Tokhu Emong, Chalo Loku, and other interesting festivals in India

The month of Kartik in the Hindu Lunar calendar is of great significance to Hindu religion. Almost in every part of India, the Kartik Purnima is commemorated with a lavish celebration of religion and trade in the form of Community Fairs. The most well-known among these festivals are Pushkar Mela (the largest camel trade fair in the world), Rann Utsav, Sonepur Cattle Fair and Bateshwar Fair. There is also a multitude of lesser known, but equally vibrant, fairs and festivals of similar nature – the likes of Lavi Fair, Shamlaji Fair, Kolayat Fair, Chandrabhaga fair, Boondi Utsav, that lighten up India in a mood of festive glamour. Although each of these celebrations is exciting, they tend to be excessively crowded and difficult to get a place in last minute.

But, India is a land of as much diversity as similarity. Here we take a look at a few, lesser known, but equally interesting, festivals that dot the many diverse parts of the country, where you might still be able to get in for a closer view at the Indian culture scene:

Tokhu Emong in Nagaland

Date in 2016: 7th November

Pic Courtesy: Supriya Sahgal on Flickr
Pic Courtesy: Supriya Sahgal on Flickr

Tokhu Emong is a festival celebrated by the Lotha Nagas in the Indian state of Nagaland. Tokhu means venturing out in groups from house to house, accepting refreshments and Emong means the halt at a specified time. This is a harvest festival of merriment and fun. The festival is marked with folk music and dance and is a celebration of brotherhood, forgiveness and oneness. If a stranger happens to visit the village before the beginning of the festival, they either have to leave the village prior to sunset or be a guest until the culmination of the festival. The Lothas also arrange for marriages right after the festival, as the time is considered auspicious for intimacy.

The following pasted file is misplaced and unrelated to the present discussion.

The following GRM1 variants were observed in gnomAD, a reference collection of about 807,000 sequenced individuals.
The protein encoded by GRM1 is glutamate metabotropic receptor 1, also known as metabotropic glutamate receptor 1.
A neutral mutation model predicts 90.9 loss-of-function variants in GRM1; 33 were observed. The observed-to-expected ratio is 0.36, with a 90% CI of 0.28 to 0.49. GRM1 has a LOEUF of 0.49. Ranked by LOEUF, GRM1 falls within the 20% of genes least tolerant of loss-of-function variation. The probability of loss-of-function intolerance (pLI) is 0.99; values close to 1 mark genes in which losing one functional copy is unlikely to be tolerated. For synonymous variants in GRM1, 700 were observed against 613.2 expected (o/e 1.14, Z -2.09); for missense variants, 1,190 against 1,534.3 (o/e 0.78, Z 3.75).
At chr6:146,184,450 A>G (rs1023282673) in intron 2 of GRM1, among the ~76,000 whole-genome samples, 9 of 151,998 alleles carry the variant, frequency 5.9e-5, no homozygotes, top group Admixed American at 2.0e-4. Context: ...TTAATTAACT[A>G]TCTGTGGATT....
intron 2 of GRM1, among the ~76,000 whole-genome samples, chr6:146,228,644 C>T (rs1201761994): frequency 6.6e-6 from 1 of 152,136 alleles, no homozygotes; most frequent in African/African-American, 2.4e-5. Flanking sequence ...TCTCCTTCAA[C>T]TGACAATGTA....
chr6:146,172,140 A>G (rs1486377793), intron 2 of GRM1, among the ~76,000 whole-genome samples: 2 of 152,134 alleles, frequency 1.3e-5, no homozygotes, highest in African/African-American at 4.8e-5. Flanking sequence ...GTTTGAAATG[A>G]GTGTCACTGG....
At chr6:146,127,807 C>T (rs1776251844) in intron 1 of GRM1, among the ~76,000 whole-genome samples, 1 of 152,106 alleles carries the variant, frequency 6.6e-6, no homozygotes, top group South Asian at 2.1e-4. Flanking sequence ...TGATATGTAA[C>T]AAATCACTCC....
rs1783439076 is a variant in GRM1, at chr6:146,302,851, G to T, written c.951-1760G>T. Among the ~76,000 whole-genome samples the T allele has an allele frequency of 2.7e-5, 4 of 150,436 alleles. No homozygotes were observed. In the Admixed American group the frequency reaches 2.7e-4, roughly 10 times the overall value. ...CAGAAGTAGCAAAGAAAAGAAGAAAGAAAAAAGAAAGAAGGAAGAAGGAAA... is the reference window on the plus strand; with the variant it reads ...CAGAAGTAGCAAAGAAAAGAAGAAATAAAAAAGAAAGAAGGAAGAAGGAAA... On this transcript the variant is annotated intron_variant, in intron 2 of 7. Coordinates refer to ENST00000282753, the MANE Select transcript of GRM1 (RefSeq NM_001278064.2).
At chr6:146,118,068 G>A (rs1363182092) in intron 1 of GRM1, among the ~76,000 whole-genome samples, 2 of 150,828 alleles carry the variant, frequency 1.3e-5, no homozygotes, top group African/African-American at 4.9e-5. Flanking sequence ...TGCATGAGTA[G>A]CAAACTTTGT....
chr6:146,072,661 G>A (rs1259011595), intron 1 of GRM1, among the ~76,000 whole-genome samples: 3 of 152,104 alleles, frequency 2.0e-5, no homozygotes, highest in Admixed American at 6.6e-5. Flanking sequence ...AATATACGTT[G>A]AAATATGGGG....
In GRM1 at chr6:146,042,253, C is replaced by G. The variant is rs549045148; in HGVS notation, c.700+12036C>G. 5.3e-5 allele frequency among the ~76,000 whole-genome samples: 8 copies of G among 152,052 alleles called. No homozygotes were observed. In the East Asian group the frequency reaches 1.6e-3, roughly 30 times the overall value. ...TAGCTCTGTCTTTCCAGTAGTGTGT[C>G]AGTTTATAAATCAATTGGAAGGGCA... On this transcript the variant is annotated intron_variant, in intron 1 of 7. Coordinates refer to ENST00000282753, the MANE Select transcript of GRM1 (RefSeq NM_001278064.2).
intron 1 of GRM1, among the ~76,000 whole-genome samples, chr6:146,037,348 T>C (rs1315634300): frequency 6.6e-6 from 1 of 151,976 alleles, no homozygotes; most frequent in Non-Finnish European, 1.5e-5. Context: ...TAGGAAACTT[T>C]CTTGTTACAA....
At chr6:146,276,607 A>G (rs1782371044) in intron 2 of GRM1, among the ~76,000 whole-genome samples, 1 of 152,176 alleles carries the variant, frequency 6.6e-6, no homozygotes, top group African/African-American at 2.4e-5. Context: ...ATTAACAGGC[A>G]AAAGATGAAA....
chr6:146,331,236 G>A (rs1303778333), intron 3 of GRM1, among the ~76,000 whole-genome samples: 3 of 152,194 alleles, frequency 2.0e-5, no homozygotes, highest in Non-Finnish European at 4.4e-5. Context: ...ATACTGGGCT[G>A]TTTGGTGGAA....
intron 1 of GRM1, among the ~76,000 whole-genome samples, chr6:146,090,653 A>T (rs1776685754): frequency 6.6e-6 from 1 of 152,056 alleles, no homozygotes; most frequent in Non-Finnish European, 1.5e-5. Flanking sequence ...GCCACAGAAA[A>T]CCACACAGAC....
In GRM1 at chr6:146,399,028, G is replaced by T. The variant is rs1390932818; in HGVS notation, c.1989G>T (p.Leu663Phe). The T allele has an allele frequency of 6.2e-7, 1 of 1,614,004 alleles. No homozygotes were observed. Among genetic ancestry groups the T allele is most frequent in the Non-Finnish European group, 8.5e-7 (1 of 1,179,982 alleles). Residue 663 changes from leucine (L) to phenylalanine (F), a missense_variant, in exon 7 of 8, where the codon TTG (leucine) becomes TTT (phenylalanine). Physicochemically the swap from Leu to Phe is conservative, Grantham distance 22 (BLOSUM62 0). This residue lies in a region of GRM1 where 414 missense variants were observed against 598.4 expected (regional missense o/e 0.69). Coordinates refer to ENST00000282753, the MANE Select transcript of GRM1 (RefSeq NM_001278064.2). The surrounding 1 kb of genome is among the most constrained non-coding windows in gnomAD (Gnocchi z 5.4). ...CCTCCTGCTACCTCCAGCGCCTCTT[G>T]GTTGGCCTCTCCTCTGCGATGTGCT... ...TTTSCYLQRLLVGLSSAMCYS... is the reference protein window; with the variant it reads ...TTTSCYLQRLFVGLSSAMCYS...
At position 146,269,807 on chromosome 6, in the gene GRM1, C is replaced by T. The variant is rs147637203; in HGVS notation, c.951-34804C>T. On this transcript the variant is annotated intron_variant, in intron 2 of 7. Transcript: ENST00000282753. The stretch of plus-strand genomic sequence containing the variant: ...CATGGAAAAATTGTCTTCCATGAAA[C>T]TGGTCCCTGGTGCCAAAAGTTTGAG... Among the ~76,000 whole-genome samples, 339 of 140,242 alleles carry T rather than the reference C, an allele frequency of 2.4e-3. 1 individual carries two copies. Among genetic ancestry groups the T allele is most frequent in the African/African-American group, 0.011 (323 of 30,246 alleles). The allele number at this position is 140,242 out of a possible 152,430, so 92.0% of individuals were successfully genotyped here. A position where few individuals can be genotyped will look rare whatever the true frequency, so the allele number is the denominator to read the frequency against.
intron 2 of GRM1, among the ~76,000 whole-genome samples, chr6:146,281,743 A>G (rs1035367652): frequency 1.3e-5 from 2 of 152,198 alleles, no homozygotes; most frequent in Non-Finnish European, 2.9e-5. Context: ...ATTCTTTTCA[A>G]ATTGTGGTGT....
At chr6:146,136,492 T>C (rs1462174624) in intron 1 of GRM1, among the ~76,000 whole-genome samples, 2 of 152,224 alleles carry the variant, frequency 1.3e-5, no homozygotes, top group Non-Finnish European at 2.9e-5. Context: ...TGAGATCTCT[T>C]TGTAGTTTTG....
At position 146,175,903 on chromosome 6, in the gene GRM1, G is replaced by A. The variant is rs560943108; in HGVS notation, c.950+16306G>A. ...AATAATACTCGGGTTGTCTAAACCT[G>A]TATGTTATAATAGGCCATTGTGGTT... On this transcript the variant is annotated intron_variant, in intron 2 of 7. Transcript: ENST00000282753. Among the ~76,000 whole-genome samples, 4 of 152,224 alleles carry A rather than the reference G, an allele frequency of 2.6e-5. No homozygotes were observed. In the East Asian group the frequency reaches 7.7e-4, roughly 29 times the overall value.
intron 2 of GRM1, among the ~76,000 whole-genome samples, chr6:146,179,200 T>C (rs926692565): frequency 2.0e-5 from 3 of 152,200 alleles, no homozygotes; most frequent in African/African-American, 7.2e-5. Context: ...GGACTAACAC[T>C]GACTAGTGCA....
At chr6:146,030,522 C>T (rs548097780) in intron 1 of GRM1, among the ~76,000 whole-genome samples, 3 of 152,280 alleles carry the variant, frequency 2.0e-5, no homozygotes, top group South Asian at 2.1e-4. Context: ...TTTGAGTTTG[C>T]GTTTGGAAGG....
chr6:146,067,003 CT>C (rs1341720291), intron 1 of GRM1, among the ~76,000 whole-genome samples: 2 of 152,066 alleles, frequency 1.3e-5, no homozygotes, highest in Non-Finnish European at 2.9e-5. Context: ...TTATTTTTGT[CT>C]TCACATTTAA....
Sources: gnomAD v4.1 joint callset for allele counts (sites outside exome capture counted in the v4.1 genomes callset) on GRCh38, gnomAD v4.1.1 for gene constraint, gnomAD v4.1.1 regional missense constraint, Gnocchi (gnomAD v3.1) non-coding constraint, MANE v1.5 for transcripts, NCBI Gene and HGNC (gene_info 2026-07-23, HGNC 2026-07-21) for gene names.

Nongkrem Dance Festival in Meghalaya

Date in 2016: 13th November

By Bogman (Own work) [CC BY-SA 3.0 (http://creativecommons.org/licenses/by-sa/3.0)], via Wikimedia Commons
By Bogman (Own work) [CC BY-SA 3.0 (http://creativecommons.org/licenses/by-sa/3.0)], via Wikimedia Commons
The Nongkrem Dance Festival is held in Smit, the cultural center of the Khashi Hills of Meghalaya. This festival is dedicated to the powerful Goddess Ka Blei Synshar, praying for a rich harvest. The five-day long religious festival is celebrated with the famous Nongkrem dance, performed by unmarried girls in their traditional costumes. They dance with a sword in one hand and white yak hair in the other – a visual treat for those present. Animal sacrifice is performed to Lei Shillong, the God of the Shillong peak.

Also read: Here are the breathtaking Autumn Festivals around India

Qutub Festival in Delhi

Date in 2016: 15th November

Pic courtesy: Saurabh Thakur via Flickr
Pic courtesy: Saurabh Thakur via Flickr

The Qutub Festival is held at the heart of the Indian capital, Delhi, to commemorate the historical significance of the Qutub Minar. The festival is hosted with a plethora of classical music and dance events that showcase the rich repertoire of Indian culture. The festival is hosted with the magnificent Qutub Minar in the background, that gives the whole ambiance a majestic appeal. In addition to a treat to one’s aesthetic senses, the festival also promises a treat to the palate for lovers of Indian cuisine.

Also read: These Music Concerts are on the bucket list of Indian Music fans

Majuli Festival in Assam

Date in 2016: 21st November

By dalbera (Flickr: Moines danseurs de Majuli (musée Guimet)) [CC BY 2.0 (http://creativecommons.org/licenses/by/2.0)], via Wikimedia Commons